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CellTweets #9: A Look Inside the Nuclear Actin Black Box

CellTweets: A Look Inside the Nuclear Actin Black Box

CellTweets #9   A Look Inside the Nuclear Actin Black Box

Belin BJ, Cimini BA, Blackburn EH, Mullins RD. (2013). Visualization of actin filaments and monomers in somatic cell nuclei. Mol Biol Cell 24(7), 982-994

Actin's role in the nucleus comes packed in its very own black box. The cell nucleus is a very small and complex place but given how much is known about actin in the cytoplasm, it can be startling to hear how little agreement there is about actin in the nucleus. Indeed, only in recent years has actin's presence in the nucleoplasm been widely conceded along with some—still to be delineated—role as an RNA processing factor. Now comes a new study in Molecular Biology of the Cell (MBoC) that sheds direct light on what actin is up to in the nucleus of somatic cells. But the work also underscores the difficulty of shedding light in very small black boxes.

One of the problem facing researchers has been crafting the proper reporter probes for tracking nuclear actin, says Brittany Belin, the first author on the paper with colleagues Beth Cimini, Elizabeth Blackburn, and R. Dyche Mullins, all of the University of California, San Francisco (USCF). Actin-binding domains (ABDs) have to be selected to differentiate between monomeric and filamentous actin. Nor can the ABD be too powerful because of another quirk of nuclear actin—it is found at very high levels in the oocyte nucleus but at very low levels in the somatic nucleus. Working in human somatic osteosarcoma cells, the design of a monomeric actin-binding probe or G (for globular) ABD was fairly straightforward, Belin explains. Designing a filamentous actin-binding domain probe or FABD was not. At such low concentrations, an overly powerful FABD might create its own artifacts by pulling filamentous actin into artificial clumps.

To pass the "three bears porridge test" for a nuclear actin FABD—neither too strong nor too weak—Belin screened mutants of the human UTRN gene that produces a filamentous actin-only binding protein called utrophin, to come up with truncated utrophin molecules. Belin found the sweet spot in Utr230, a molecule with 230 amino acids instead of 261.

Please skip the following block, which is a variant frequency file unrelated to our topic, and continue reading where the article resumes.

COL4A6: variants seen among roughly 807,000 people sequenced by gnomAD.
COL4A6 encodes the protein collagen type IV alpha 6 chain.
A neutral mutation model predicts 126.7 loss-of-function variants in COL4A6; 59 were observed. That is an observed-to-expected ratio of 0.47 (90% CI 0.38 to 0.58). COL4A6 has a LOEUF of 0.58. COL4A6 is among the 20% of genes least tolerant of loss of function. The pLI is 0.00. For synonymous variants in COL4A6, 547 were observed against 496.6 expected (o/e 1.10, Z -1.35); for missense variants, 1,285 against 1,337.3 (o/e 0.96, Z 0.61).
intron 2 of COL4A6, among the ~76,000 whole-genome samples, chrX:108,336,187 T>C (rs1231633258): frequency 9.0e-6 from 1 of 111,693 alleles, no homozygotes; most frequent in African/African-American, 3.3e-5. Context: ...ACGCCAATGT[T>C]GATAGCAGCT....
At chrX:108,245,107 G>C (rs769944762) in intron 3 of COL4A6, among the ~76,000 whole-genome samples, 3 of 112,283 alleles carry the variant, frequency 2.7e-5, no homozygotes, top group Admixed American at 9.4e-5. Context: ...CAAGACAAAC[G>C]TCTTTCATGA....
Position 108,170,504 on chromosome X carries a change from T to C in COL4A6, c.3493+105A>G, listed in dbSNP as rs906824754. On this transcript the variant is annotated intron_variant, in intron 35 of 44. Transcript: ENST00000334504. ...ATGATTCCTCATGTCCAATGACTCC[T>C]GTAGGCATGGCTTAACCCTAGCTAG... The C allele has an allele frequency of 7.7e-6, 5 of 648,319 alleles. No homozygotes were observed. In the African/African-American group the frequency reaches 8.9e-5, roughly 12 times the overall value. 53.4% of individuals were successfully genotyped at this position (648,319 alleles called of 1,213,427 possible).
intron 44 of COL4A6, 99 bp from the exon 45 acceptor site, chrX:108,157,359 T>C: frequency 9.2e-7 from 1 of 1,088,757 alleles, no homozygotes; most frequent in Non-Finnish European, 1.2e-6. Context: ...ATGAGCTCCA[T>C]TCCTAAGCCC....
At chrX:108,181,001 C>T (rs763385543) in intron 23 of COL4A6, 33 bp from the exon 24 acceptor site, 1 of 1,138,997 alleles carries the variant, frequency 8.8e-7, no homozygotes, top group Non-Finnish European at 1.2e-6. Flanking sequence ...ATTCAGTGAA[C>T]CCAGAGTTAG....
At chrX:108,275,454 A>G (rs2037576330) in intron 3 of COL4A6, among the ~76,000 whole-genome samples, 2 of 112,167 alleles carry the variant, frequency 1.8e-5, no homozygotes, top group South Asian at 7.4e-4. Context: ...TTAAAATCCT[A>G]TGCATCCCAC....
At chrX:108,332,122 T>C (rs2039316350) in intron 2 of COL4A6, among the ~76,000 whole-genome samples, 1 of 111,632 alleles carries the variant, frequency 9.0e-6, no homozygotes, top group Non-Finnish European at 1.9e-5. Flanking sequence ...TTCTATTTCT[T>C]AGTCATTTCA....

Inside the nucleus, the GABD probe localized to nuclear speckles, nuclear domains known to be rich in pre-mRNA splicing factors, thus cementing monomeric actin's connection to mRNA transcription. The Utr230-loaded FABD probes grabbed onto small, distributed actin "puncta," pointy filament shards, which didn't seem to associate directly with any of the nuclear landmarks including speckles, lamins, chromatin, or telomeres.

These filamentous actin puncta exhibited two different movement patterns, says Belin, either relatively quick "diffusive" motion or much slower "subdiffusive" motion. Both fast and slow particles, however, moved backward and forward as if bouncing off weak springs. "Our best hypothesis is that actin is interacting with or is part of a viscoelastic polymer mesh," says Belin. "We think it's not DNA because it's not in the chromatin rich areas of the nucleus. Possibly it's some sort of scaffold for locally organized events (in the nucleoplasm) but we're not sure."

Even if the exact purpose of this viscoelastic polymer mesh is still to be determined, Dyche Mullins says the results are exciting because the data start to answer some very basic questions. "What's it like to be in the nucleus? What's the physical geography of the nucleus for one thing? What does it feel like? What's the texture?" Based on Belin's work, it's both a viscous and an elastic medium, says Mullins. He explains that the collaborators on this paper chose the term "viscoelastic mesh" very carefully to avoid being drawn into earlier battles about a nuclear matrix. Whatever you call it, says Mullins, "It's clear that there's some kind of meshwork that this actin is either forming part of or interacting with. For us, it's like opening the first window into what's it's like to be in the nucleus."

More light is needed, says Mullins. "The nucleus is such a black box and for most people who work on the cytoskeleton, the nuclear pore might as well have ‘Abandon hope, all ye who enter here' written over it. Brittany was very brave to take on this project."

—John Fleischman

Created on Tuesday, April 2, 2013

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